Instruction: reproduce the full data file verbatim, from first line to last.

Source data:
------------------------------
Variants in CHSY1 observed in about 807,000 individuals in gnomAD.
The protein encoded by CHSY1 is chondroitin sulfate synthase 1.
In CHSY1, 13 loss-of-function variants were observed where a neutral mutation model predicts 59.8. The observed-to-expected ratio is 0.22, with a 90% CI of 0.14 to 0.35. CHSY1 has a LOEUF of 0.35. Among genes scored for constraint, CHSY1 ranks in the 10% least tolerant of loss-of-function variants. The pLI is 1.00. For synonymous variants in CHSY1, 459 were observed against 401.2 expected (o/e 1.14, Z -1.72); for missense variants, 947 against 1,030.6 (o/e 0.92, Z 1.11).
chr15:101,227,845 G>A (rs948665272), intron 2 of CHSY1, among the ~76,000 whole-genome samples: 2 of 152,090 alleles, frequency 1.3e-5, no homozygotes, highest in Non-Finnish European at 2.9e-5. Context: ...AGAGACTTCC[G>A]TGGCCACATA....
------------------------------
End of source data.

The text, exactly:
Variants in CHSY1 observed in about 807,000 individuals in gnomAD.
The protein encoded by CHSY1 is chondroitin sulfate synthase 1.
In CHSY1, 13 loss-of-function variants were observed where a neutral mutation model predicts 59.8. The observed-to-expected ratio is 0.22, with a 90% CI of 0.14 to 0.35. CHSY1 has a LOEUF of 0.35. Among genes scored for constraint, CHSY1 ranks in the 10% least tolerant of loss-of-function variants. The pLI is 1.00. For synonymous variants in CHSY1, 459 were observed against 401.2 expected (o/e 1.14, Z -1.72); for missense variants, 947 against 1,030.6 (o/e 0.92, Z 1.11).
chr15:101,227,845 G>A (rs948665272), intron 2 of CHSY1, among the ~76,000 whole-genome samples: 2 of 152,090 alleles, frequency 1.3e-5, no homozygotes, highest in Non-Finnish European at 2.9e-5. Context: ...AGAGACTTCC[G>A]TGGCCACATA....